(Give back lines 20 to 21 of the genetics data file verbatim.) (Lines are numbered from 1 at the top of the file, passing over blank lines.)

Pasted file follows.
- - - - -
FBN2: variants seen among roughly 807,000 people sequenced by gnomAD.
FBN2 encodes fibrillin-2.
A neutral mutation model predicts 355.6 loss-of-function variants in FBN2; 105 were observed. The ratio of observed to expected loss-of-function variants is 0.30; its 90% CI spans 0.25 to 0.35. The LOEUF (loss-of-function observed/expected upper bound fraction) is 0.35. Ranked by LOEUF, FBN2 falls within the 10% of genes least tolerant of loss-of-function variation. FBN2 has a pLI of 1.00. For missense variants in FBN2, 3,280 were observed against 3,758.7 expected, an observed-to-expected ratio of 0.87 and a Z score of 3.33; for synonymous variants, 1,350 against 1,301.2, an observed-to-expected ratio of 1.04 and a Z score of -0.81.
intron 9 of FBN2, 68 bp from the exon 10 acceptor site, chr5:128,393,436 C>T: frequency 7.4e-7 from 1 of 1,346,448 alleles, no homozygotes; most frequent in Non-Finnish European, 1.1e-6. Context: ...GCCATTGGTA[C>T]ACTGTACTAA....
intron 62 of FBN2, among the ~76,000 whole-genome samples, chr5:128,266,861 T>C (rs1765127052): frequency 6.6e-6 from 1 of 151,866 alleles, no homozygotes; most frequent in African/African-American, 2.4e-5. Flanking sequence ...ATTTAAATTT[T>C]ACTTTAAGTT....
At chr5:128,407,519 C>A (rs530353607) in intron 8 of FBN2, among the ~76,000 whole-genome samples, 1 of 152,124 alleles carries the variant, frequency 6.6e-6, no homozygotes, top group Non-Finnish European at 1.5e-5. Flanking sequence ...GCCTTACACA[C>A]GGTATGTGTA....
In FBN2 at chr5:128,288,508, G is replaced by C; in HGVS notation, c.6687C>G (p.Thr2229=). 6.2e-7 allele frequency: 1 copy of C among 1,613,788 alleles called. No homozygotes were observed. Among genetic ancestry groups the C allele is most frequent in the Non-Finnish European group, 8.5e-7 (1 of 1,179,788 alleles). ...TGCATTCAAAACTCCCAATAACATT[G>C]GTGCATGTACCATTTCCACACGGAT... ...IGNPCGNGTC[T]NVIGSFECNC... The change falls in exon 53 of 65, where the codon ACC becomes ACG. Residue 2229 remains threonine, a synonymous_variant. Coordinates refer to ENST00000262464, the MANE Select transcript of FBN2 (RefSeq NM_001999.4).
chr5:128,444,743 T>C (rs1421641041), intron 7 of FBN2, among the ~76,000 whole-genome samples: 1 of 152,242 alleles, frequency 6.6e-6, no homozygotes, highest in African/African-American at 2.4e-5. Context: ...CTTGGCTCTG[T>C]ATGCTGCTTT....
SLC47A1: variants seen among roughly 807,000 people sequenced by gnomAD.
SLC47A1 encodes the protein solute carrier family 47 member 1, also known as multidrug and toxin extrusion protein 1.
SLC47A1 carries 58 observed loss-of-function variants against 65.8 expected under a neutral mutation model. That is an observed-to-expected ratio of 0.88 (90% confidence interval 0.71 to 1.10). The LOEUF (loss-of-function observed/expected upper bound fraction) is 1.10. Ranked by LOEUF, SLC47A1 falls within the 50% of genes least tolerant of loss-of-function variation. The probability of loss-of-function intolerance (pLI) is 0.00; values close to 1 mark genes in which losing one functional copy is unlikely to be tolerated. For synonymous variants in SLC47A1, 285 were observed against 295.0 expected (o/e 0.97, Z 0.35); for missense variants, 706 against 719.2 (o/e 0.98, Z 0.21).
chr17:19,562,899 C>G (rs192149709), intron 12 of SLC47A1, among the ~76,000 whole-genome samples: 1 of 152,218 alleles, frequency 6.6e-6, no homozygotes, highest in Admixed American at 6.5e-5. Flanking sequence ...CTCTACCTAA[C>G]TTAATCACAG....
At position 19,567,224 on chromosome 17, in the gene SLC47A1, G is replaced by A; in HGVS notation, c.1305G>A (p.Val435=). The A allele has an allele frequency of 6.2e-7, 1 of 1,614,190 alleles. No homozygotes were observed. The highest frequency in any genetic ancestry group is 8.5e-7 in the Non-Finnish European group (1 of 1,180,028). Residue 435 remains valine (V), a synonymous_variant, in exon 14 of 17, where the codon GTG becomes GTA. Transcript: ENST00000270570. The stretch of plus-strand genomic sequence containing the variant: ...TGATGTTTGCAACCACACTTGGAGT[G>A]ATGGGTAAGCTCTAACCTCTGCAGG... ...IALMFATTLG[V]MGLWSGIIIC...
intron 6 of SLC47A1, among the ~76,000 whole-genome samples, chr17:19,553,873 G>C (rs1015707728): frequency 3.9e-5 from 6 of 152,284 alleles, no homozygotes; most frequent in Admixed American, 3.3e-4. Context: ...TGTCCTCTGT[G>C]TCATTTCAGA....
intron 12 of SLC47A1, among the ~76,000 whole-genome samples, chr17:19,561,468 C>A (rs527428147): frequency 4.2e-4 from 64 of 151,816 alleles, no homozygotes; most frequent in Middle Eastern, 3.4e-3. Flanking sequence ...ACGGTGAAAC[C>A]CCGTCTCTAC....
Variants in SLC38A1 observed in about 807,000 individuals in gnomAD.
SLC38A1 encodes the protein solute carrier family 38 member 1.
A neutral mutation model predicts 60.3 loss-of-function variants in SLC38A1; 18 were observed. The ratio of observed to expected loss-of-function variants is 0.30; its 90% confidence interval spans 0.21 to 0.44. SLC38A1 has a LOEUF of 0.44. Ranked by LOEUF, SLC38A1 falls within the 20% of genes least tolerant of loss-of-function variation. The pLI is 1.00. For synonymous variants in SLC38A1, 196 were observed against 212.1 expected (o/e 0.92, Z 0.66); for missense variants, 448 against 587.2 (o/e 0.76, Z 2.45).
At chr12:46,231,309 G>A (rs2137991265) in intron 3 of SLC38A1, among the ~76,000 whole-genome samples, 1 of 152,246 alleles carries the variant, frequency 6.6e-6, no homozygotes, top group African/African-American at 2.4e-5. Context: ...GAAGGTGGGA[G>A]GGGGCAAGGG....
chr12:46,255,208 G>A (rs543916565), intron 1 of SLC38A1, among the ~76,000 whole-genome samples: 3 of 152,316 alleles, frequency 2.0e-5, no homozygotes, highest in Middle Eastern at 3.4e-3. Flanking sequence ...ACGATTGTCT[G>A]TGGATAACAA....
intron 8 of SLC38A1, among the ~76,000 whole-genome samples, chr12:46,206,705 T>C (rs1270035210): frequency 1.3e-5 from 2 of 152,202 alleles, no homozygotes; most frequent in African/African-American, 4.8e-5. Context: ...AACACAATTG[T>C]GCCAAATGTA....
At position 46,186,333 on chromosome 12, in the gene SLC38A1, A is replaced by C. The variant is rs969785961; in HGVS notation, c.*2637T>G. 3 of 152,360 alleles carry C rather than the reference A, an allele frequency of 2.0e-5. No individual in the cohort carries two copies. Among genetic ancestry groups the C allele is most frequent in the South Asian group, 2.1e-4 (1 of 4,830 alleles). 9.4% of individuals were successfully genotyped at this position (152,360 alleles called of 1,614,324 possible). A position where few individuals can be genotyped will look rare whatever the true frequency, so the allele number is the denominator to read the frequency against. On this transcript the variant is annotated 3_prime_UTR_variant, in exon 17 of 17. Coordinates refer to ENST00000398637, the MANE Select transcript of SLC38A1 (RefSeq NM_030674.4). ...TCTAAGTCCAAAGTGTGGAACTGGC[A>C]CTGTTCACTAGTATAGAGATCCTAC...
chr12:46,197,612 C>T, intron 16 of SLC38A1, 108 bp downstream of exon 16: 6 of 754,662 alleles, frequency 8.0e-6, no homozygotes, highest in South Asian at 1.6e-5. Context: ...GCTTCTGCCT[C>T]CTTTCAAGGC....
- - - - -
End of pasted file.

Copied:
chr12:46,255,208 G>A (rs543916565), intron 1 of SLC38A1, among the ~76,000 whole-genome samples: 3 of 152,316 alleles, frequency 2.0e-5, no homozygotes, highest in Middle Eastern at 3.4e-3. Flanking sequence ...ACGATTGTCT[G>A]TGGATAACAA....
intron 8 of SLC38A1, among the ~76,000 whole-genome samples, chr12:46,206,705 T>C (rs1270035210): frequency 1.3e-5 from 2 of 152,202 alleles, no homozygotes; most frequent in African/African-American, 4.8e-5. Context: ...AACACAATTG[T>C]GCCAAATGTA....